Goodbye Chicago: What It's Like To Live In A City You Tried To But Couldn't Love

I stare down at my gut. I’ve gotten fat. A 40-pound marker of the time that has passed since I first moved to Chicago.

It’s one of many ways my body has felt ravaged by this city. There’s the time I nearly died but instead just broke my jaw and lost 2 ½ teeth. Or the time I nearly died but instead just glided off my bike down the S-Curve’s black ice, immersed in the waves of Lake Michigan. Or the time I nearly died when the driver of a Jeep gunned it out of a stop sign on Milwaukee and t-boned me into the air.

It didn’t start off this way. I first moved to Chicago from San Francisco in January 2014, during the height of the Polar Vortex. Chicago seemed like a place so full of hope and promise, and a welcome change from the dissolving free-spirit of San Francisco.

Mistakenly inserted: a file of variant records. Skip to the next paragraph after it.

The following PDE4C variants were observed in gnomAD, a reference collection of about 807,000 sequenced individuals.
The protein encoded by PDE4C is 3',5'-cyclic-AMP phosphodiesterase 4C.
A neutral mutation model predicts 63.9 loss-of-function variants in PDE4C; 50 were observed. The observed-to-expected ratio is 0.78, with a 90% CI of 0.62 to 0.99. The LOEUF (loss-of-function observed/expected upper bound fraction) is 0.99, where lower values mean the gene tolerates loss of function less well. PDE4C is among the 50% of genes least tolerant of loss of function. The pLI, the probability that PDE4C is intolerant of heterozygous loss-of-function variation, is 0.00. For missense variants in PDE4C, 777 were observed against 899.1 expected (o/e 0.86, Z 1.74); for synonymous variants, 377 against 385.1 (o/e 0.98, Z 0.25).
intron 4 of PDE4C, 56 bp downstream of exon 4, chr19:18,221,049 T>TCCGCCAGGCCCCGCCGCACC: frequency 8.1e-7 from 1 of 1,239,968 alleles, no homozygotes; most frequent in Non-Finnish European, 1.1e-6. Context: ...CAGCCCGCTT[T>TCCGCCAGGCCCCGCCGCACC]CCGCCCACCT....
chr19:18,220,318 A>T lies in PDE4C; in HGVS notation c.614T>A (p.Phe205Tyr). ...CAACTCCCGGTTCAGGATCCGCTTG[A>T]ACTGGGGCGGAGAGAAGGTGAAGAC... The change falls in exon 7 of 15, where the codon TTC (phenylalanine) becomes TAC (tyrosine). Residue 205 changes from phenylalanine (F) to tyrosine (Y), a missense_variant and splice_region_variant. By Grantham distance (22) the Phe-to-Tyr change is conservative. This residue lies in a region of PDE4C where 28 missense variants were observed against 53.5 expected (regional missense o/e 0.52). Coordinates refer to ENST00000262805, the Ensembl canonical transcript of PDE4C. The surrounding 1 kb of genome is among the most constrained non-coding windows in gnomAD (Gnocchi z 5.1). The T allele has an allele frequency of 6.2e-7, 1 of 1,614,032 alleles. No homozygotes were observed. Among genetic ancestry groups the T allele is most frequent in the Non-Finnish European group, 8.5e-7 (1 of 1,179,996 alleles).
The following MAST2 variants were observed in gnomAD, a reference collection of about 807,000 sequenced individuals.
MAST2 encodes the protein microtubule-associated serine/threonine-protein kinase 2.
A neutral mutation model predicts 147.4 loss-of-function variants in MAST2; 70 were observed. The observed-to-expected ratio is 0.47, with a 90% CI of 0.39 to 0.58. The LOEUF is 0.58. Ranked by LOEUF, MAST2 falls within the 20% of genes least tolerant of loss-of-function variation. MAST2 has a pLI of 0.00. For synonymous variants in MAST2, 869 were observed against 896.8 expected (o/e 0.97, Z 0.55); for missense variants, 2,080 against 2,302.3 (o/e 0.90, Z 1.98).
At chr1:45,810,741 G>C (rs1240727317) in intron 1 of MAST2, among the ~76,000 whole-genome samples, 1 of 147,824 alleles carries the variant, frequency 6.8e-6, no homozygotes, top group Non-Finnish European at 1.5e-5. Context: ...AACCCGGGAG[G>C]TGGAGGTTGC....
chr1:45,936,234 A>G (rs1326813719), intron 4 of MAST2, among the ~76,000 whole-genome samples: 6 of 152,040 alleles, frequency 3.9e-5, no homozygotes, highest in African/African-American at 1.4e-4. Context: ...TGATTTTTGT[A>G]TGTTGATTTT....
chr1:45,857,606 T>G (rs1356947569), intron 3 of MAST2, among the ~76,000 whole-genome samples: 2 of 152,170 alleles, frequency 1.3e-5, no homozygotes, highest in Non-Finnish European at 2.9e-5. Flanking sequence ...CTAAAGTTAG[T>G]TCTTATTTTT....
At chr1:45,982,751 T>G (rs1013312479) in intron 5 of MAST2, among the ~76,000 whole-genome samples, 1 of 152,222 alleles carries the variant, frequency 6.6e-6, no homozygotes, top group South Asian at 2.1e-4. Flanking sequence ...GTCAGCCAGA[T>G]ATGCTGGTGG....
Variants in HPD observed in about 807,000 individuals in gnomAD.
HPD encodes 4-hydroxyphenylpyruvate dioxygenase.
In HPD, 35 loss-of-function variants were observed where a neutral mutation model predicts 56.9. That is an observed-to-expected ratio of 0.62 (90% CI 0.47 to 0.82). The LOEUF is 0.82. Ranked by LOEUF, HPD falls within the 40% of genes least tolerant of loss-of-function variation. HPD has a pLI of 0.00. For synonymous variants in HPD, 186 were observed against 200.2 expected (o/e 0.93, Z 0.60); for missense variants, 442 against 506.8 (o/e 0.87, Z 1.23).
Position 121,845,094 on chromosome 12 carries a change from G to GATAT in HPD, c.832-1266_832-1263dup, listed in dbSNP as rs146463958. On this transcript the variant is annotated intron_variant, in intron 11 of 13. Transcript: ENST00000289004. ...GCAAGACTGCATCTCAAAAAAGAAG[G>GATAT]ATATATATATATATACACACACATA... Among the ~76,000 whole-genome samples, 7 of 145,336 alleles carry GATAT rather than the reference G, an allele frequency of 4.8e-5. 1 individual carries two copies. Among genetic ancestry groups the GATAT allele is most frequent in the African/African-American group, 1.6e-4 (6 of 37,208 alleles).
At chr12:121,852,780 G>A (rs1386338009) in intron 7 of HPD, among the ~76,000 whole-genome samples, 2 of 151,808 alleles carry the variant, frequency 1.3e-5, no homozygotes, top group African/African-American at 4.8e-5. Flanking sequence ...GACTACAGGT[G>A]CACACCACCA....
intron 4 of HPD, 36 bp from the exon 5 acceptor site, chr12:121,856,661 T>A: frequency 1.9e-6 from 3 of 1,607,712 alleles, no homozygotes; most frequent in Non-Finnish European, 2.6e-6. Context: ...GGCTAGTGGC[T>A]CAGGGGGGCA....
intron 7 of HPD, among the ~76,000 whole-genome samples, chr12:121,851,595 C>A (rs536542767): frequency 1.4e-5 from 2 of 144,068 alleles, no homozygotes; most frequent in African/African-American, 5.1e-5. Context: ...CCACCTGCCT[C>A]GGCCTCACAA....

But three some odd years later, my own spirit, just like my body, have come to feel beaten, defeated.

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And now, as I ascend through the air, on a one-way ticket to New York, I can’t help but reflect back on my time in Chicago and wonder: did I do Chicago wrong?

It’s 14 degrees out. I can feel the inside of my nose freeze as one boot clunks in front of the other, snow crunching beneath it. I like the weather. I’ve never lived in snow, and I’m enamored by it. Seasons represent change and progress, and the ever-present 58 degree fog-laden days of San Francisco always felt like being stuck in the limbo of a better day. As cold as this Chicago day was, it meant warmer ones ahead.

I push open the door to the bar, the heat stinging as it meets the cold of my face. I’ve been in Chicago two weeks, and have made a habit of going out to bars in the hopes of meeting other bar-goers, something that was a cornerstone of socializing in San Francisco.

I ask the bartender for a Lagunitas. I’m impressed that the quirky, indie-leaning Bay Area beer has made it this far across the country. Seven dollars. They were four back home, but maybe this was a fluke. Maybe all the promise of exceptionally cheap Chicago living would prove itself true in another bar.